Claire's salon is frequented by two suitors who battle of her affection. The engineer, Einat, ends up winning he love by showing her the workings of his very modern "cabinet of curiosity." Claire delights in the marvels of this laboratory (deigned by Leger), in which she can futuristic-ally watch her audiences on a screen just as they are able to hear her sing. As the inter-titles suggest, "she voyages in space without moving," reaching visions of artists in their studios, partaking of the bustling life on the street, and following people driving cars and riding trains. In this way, she lives "through the joy and the pain of human beings." No wonder her other suitor becomes jealous and poisons her.

But Einar's laboratory contains residual traces of its genealogy: it can perform alchemy. What is more, it is outfitted with an extra chamber, equipped with a mechanism for reviving the dead. This lab of transformation becomes activated in a sequence that resonates with Fritz Lang's Metropolis. With superimposition's and rapid montage, the laboratory offers what the inter-titles call "a symphony of labor," which brings our voyage-use back to life and to the liveliness of her urban salon.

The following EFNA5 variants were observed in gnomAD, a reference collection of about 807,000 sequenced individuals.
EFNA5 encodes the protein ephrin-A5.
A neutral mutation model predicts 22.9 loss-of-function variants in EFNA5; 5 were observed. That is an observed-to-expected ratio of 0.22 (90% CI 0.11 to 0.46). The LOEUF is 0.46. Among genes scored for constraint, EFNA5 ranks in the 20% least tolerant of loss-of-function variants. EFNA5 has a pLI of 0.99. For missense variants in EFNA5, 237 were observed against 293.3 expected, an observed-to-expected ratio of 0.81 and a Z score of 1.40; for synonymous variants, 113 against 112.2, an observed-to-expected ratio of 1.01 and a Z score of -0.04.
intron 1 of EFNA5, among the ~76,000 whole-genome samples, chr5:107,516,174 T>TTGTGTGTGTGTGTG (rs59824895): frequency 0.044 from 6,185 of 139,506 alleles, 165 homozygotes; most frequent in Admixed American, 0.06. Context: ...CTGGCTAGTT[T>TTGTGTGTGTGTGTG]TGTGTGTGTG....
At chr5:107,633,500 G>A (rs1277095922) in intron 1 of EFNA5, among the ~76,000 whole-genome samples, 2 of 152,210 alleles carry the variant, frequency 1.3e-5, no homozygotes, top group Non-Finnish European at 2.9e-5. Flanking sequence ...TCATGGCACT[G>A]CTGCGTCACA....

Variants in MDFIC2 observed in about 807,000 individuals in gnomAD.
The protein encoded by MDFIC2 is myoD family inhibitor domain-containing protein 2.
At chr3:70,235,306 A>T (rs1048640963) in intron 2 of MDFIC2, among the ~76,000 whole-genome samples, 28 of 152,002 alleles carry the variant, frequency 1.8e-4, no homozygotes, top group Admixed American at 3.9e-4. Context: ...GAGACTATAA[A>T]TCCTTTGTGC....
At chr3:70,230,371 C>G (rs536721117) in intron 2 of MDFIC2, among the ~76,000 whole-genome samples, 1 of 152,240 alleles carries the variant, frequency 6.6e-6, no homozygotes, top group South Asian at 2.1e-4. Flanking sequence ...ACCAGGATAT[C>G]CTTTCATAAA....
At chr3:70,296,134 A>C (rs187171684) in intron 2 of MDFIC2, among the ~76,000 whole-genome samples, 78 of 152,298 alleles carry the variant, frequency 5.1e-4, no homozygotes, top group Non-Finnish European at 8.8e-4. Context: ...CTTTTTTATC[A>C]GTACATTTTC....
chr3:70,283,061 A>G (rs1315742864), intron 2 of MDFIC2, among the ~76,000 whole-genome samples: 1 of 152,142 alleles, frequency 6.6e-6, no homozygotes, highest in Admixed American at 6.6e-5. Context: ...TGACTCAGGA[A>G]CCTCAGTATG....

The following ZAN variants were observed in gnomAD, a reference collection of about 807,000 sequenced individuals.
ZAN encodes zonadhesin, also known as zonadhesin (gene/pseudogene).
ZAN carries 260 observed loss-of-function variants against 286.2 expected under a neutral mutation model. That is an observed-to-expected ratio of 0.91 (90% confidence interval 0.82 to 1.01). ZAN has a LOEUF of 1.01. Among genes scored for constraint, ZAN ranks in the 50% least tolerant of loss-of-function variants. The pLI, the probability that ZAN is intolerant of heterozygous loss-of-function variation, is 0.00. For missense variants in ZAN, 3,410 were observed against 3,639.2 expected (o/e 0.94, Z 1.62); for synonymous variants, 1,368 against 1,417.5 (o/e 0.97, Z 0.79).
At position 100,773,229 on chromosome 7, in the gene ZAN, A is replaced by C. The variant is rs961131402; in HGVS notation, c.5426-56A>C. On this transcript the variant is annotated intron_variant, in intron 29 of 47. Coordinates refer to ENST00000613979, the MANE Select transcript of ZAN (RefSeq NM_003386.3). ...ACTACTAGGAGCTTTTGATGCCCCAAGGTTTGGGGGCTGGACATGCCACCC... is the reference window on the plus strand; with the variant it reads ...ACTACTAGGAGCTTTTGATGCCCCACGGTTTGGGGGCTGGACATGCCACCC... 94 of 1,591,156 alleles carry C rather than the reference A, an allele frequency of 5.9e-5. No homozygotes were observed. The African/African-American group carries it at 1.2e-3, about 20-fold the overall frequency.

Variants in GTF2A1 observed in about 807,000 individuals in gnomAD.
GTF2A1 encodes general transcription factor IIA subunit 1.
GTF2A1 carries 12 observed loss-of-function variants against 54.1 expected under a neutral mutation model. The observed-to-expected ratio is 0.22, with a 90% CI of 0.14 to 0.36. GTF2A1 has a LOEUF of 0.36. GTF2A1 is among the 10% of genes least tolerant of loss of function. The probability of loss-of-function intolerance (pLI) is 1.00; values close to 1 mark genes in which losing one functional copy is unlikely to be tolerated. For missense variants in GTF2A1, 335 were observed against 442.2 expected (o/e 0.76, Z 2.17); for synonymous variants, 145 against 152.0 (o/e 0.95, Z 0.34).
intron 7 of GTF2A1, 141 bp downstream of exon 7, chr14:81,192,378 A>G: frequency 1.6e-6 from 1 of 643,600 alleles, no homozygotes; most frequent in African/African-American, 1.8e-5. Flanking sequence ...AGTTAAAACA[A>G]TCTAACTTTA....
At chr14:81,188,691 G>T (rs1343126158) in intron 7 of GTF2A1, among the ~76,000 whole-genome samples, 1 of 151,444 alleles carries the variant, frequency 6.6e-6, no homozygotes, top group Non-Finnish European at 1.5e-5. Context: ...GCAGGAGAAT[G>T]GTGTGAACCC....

The film was made by L'Herbier's own production company, who deliberately chose an awkward science fiction plot in which L'Inhumaine serves as the pretext for some virtuoso displays of cinematographic virtuosity, and as the narrative justification for some remarkable decors. The sets are a microcosm of the whole film: they are in very different styles, and going from one to the next produces an almost physical shock. The film was very poorly received, both by critics and by the public, and one can see why. It is arguably the first great example in the narrative cinema of the so-called post modernist aesthetic. For the coherence of a stable fictional world with suitably "round" characters who undergo various experiences, L'Inhumaine substitutes a fundamentally incoherent world of pastiche, parody, and quotation. Its flat characters provide no stability; they are but puppets in the hands of an unpredictable, perhaps even mad storyteller. The film uses many devices from the stylistic repertoire of cinematic impressionism, but rather than amplifying and explicating the narrative, they serve instead to call it into question.